Celeb chef Michael Psilakis puts the power in power lunch

 

bistro e at The Viceroy has a sort of rock-and-roll feel.

Michael Psilakis
Michael Psilakis' new Brickell restaurant, bistro e, packs a punch.
 

By Madeleine Marr

Brickellistas, you’ve got a new place for lunch: bistro e at The Viceroy.

At the helm is chef Michael Psilakis, who was the toast of Manhattan with his Michelin-starred restaurant Anthos

Psilakis -- along with business partner Donatella Arpaia -- has shifted his culinary focus to Miami, bringing a hip, fast and affordable lunch to downtowners.

The concept at bistro e, which shares space with the Kelly Wearstler-designed Eos on the 15th floor, is innovative and edgy: Fine china is mixed with cast iron and wooden plates. Sleek green sand-filled hourglasses sit on the table to symbolize a rush. Servers wear Chuck Taylor sneakers and John Varvatos T’s, their order pads hanging from biker chain wallets. 

‘‘There’s sort of this rock ’n’ roll feel here,’’ says Psilakis, who grew up in Long Island, N.Y. ‘‘But there is also an idea of being playful.’’

And the food? American with a twist of South Florida (Latin) and Greece, where his family is from.

‘‘Of course I’m influenced by America,’’ says the married father of one with a baby on the way. ‘‘If I make something like tostones, they won’t be traditional -- it’s this version I have in my head.’’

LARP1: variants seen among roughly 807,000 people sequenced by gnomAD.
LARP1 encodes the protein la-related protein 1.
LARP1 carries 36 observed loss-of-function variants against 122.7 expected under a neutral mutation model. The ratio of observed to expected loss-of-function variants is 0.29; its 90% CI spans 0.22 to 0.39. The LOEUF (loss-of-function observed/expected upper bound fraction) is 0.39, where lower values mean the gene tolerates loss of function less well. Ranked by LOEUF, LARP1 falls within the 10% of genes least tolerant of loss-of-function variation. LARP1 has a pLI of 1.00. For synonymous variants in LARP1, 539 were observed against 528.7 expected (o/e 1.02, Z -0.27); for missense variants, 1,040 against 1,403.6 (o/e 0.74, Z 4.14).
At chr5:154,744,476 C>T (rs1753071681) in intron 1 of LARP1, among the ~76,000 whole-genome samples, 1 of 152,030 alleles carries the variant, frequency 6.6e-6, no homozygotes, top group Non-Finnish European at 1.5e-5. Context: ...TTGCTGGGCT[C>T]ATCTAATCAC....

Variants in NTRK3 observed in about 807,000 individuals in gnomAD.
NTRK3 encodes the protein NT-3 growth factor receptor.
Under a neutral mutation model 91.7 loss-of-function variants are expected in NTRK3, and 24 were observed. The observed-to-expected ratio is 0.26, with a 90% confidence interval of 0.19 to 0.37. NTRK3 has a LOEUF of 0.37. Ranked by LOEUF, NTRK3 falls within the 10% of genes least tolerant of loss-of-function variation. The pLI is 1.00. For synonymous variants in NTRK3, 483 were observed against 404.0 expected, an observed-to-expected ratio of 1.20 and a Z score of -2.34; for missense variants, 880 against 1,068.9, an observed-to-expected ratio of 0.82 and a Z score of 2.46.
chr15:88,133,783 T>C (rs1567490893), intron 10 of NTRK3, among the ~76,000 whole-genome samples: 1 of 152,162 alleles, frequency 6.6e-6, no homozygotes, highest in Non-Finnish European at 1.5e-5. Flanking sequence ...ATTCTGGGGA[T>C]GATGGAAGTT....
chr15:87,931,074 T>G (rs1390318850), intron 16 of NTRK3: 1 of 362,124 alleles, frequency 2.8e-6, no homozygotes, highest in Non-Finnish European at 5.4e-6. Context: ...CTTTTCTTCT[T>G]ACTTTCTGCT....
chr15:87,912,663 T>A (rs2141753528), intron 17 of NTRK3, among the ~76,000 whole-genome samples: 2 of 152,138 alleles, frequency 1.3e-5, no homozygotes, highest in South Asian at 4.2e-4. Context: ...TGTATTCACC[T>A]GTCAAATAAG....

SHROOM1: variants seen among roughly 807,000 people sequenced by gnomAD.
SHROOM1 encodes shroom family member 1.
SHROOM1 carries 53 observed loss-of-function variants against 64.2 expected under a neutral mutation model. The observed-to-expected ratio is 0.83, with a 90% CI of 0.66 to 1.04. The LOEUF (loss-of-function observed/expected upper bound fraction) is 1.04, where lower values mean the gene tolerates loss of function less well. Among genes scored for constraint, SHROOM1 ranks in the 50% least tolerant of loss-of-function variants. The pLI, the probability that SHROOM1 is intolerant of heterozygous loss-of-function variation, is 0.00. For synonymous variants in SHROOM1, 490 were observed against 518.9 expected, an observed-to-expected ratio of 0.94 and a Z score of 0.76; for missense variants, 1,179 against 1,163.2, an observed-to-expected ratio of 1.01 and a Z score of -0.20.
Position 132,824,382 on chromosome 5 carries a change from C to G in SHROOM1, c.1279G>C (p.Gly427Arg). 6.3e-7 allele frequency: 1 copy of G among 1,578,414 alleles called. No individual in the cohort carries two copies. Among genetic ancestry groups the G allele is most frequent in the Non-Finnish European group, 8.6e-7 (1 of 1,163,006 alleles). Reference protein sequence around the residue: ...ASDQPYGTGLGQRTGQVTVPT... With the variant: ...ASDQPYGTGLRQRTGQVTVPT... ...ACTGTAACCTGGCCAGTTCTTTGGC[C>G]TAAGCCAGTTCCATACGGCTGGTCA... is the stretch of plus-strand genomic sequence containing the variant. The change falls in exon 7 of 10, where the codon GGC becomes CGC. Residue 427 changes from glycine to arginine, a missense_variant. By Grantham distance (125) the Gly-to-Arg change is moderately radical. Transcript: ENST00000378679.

His version is crispy and light, accompanied by a medley of dipping sauces like house-made chipotle crema and a kicking salsa verde. 

‘‘Miami has been an education for me,’’ says Psilakis, 42. ‘‘In terms of spice, the barometer is way higher. You guys really like the heat. If I served [these sauces] in New York, I would get letters.’’

Here’s a tasty tidbit: Every last bit of food is made on premises -- except the bread.

 ‘‘We don’t buy anything,’’ the chef known as the Greek-American Mario Batali points out. ‘‘If I make a hot dog, it’s made here. If I make a hamburger, we cure the meat, we grind the meat.’’

They even make the potato chips -- which are thinly sliced and pickled, then served with sour cream, garlic and caramelized onions.

Another high point on the menu should be part of any liquid lunch. The super fresh iced tea gets amped up with hibiscus, cinnamon and ginger and poured into Mason jars.

 ‘‘Our restaurant has a very specific identity -- farm to table,’’ says Psilakis, who was invited by President Obama to cook at the White House for Greek Independence Day last March. ‘‘Nothing from a can, nothing preserved, nothing frozen.

 ‘‘Our main focus was to have fun with the dining experience to allow the guest to think about emotional interaction that I have with my environment,’’ he says. ‘‘It allows people to listen to what I have to say.’’

 

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